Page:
Tag Archives: geek

When Geeks Go Too Far

Few things make me happier than geeking out about something. My speech clocks at 110 mph.  I start getting twitchy, my sentences make less and less sense; my eyes grow to the size of saucers and I may even get goosebumps (This is as close to heaven as I have gotten and I love it.).  I know I’m not the only one who gets this way. I can tell when most of my friends hit this point and it’s fun to watch as an outside observer, and know that this must be what it’s like for them when I hit that same point.  But what happens when geek goes too far? How does one know when a line has been crossed and what can be done?

We’ve all been there when someone has crossed the line and everything becomes super awkward.  I almost always see this happen when I’m next in line for an autograph. It usually starts off harmless enough. The fan in front of me says something to the effect of “I’m a really big fan and I love the work you did on…” and that is perfectly acceptable. I’ve been known to say the same thing, when I’m not being painfully shy. Although I’m sure they hear this a couple hundred times during the course of a convention, it’s also probably nice to hear that people appreciate what they do.  When the conversation moves beyond this, however, things start to get a bit dicey. Some are very gregarious and they like to have conversations with the fans they meet. I’ve been rather fortunate to have short conversations with Walter Koenig and James Marsters and both men were extremely pleasant to talk with. (Walter Koenig apologized for Star Trek VI and to this day I have no idea why.) Unfortunately, this isn’t always the case however and it’s often the fault of the fans.  Even bystanders get a little freaked out when “that guy” takes what could have been a pleasant, short conversation and makes it weird and uncomfortable. As much as you may want to tell Leonard Nimoy that watching a certain episode of Star Trek saved your marriage and that you owe him everything up to and including your first born child, he doesn’t want or need to hear this.

And he definitely wants no part of this.

And he definitely wants no part of this.

So how do you know when you’re pushing your luck? First, it is important to pick up on signals from people around you, especially the person you’re talking to. If you’re excited, it may be tough to do that, but these signs are often the most telling ones. Every so often, take a quick glance around and see what people are doing. If they start looking away or getting really quiet, or if the person you’re talking to begins to avert their eyes, then it’s time to dial things back a bit.  You may not be there quite yet, but if you fail to change course, you will plow over that line at full speed.  If you already know you can go a bit overboard it may also help you to bring a friend along to keep you out of trouble. (There may or may not have been a detailed plan for my friend to bail me out if I got arrested after meeting Jewel Staite.) It’s what friends are for. They can quietly tap you on the elbow or something equally subtle to let you know that you’re going too far. Of course, if things get really out of control, they can grab you and drag you away.  After all, your friend may only be embarrassed; security will likely see how many times you will bounce when they toss you out the front door.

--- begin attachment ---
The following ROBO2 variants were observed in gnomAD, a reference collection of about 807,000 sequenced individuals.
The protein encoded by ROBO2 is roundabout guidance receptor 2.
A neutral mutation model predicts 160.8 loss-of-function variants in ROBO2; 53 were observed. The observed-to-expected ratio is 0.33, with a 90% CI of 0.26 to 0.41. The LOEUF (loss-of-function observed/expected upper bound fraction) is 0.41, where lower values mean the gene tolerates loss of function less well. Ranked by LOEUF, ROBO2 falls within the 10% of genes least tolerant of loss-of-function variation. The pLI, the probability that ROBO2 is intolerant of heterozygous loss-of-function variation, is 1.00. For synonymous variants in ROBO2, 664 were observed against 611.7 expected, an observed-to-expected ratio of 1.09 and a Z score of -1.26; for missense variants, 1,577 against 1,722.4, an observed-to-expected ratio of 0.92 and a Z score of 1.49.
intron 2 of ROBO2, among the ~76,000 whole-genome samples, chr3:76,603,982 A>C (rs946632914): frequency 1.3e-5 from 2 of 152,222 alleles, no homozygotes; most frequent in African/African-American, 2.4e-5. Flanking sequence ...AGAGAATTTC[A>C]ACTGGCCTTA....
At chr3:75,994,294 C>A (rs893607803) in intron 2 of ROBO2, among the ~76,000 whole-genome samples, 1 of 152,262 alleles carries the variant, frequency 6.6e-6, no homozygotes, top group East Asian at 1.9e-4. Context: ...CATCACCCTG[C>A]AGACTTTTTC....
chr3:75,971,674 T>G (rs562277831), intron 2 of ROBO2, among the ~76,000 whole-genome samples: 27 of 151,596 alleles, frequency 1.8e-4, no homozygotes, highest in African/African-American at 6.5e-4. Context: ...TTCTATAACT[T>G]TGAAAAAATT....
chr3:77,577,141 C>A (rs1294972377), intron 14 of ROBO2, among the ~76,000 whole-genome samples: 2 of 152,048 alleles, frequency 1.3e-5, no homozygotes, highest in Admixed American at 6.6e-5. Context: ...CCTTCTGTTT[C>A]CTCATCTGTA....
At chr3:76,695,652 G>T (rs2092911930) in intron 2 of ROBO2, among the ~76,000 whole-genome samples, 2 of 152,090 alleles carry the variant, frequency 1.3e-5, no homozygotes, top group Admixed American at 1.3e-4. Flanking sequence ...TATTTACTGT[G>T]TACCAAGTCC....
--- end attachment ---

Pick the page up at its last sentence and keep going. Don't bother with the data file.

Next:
Picking up on other people’s cues is important, but it is equally important to be able to read yourself in these situations. Unfortunately, we geeks as a collective are pretty bad at doing this and often by the time we do pick up on our own signals, it’s already far too late to save ourselves. Being more aware of what these signs are can help you avoid getting into this situation.  As you’re waiting in line or as you’re talking to your favorite celebrity, take a moment in your head to evaluate yourself for these signs (if you need help, ask somebody…please). If you find that they’re starting to show just take a deep breath and try to relax for a moment. Remember, just because Nathan Fillion was on Firefly, he is still a person just like you.

Why is that man holding Will Wheaton? Why not?

Why is that man holding Will Wheaton?
Why not?

Things can also take a turn for the worse when fans want to take pictures or get a hug.  Some celebs are completely cool with it. Adam Baldwin reached out and gave me the most welcoming hand shake I think I’ve ever had and was more than willing to take some pictures with people.  Some, like Will Wheaton, are famous for their amazing interactions with fan. Others, typically with older, more well-known names, are more reserved and are not comfortable with these kinds of things. Sometimes it is because they want you to pay for a picture with them, and sometimes it’s because they just want a little more personal space. It’s important to respect their requests and not get pushy. Typically, if there are rules such as no pictures, there will be signs posted around the person or a handler who is walking up and down the line making it clear to the people waiting.